Baltimore Evening Sun/December 7, 1910
Hygiene A Killjoy
Alas for good eating! Our cooking grows more and more scientific as year chases year. A century ago an honest man sat down to his victuals with a glad heart, after first thanking his Creator that he had the money to pay for them, a wife to cook them and teeth to pulverize them. No thought of chemistry, bacteriology or metabolism burdened his mind. He was unaware that the juicy beefsteak before him was but .7654 as nourishing as it might have been had it been had it been broiled 29 seconds longer and at a temperature 56.72 degrees greater. He did not know that fried oysters took 2.672 times as long to digest as boiled turnips; that there was more manganese in a single stewed prune than in a ton of mushrooms; that the proteid contents of a doughnut varied inversely with the cosine of its hole.
Happy fellow! He waded in like a child and gobbled until there fell upon him that beatific happiness, that infinite contentment, that stupendous geniality which always follows full feeding, in man as well as in the lion of the jungle, the rat of the cheese warehouse, the protozoon of the sea ooze. What did he care for porteids, albuminoids, mineral salts, woody fibres, residuums of ashes? He ate everything and he ate as much of it as he wanted and could pay for, and so every year saw a measureable increase in his girth, and he died royally at the age of 72 years, a well-fed and a happy man.
But no more. Science has murdered the art of eating. Hygiene excommunicates the palate. It is now well-nigh impossible for any human being to sit down to victuals without conscious thought of the hideous toxins, aldehydes and permanganates which lurk within them. The subject is dinned into the heads of school children by frenzied and dyspeptic teachers; the newspapers are constantly full of it; it is treated exhaustively in swarms of new books.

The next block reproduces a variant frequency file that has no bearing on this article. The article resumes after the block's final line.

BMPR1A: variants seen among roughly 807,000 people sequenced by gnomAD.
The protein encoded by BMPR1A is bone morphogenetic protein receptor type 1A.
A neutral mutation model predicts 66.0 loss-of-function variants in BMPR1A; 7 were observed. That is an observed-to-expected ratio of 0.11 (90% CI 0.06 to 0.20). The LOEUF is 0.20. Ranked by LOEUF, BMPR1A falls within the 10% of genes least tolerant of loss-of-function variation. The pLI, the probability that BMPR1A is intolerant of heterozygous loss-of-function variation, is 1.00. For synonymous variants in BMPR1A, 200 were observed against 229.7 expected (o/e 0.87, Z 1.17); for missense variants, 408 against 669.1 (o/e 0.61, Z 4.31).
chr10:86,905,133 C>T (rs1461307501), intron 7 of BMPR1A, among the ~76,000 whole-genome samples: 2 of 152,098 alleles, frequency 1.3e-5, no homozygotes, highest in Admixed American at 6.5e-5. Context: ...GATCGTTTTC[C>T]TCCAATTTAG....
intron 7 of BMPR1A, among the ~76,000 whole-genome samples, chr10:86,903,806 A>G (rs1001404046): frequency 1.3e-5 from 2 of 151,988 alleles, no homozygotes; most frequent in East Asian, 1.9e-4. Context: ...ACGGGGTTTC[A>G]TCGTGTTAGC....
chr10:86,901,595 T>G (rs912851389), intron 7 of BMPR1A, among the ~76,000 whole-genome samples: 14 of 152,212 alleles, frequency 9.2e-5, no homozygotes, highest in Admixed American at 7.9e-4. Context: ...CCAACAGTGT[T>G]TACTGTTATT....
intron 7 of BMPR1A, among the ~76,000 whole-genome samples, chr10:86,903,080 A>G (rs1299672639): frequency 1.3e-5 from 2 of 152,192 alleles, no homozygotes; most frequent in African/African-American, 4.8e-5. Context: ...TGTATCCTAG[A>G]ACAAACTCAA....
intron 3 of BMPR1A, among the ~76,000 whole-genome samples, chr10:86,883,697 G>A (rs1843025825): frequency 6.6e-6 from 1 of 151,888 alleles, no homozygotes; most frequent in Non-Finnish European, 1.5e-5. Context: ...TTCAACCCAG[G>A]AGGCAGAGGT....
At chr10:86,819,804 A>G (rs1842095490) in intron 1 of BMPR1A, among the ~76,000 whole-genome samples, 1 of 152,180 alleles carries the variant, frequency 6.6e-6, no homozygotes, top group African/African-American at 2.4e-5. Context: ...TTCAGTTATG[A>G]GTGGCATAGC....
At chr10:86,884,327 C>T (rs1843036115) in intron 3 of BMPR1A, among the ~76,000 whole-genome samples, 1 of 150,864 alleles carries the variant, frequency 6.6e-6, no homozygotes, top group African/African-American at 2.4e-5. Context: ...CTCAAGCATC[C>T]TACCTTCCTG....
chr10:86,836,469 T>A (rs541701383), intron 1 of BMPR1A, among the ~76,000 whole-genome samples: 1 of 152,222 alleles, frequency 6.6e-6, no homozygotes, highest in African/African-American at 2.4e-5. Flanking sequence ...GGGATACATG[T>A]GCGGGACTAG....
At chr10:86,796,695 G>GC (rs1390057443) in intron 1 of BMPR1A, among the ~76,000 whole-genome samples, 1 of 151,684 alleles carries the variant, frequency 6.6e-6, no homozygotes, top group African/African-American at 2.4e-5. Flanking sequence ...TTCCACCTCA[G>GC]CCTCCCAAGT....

Torturing The Young
The healthy boy of 10 or 12 years, with a stomach as powerful as a concrete mixer, opens his physiology book and finds on page 32 an appalling portrait of a human liver. The legend beneath it informs him that the scars visible to the northeast are the consequences of eating crullers, his favorite delicacy. His sister in the next classroom turns pale before a picture of a clavicle pierced by the fangs of molasses taffy. His mother at home takes a sample of the evening mayonnaise and tests it in a test tube for arsenic, phosphates and the bacteria of fermentation. His father, seized by sudden malaise, suspects an excess of hydrochloric acid and resolves to swear off French fried potatoes.
The result is woe in the world. We have robbed eating of its old artlessness, its old impetuous daring, its old romanticism and now seek to make it a purely scientific proceeding, like a game of chess or a surgical operation. The safe and sane eclecticism of other days, which opened its hospitable arms to everything save a few incompatibles, such as cucumbers and ice-cream, fried oysters and pie, buttermilk and hard crabs, has given way to a host of antagonistic and maddening theories, each of which tends to spread a pall of dubiousness over some victual or group of victuals in high esteem for ages.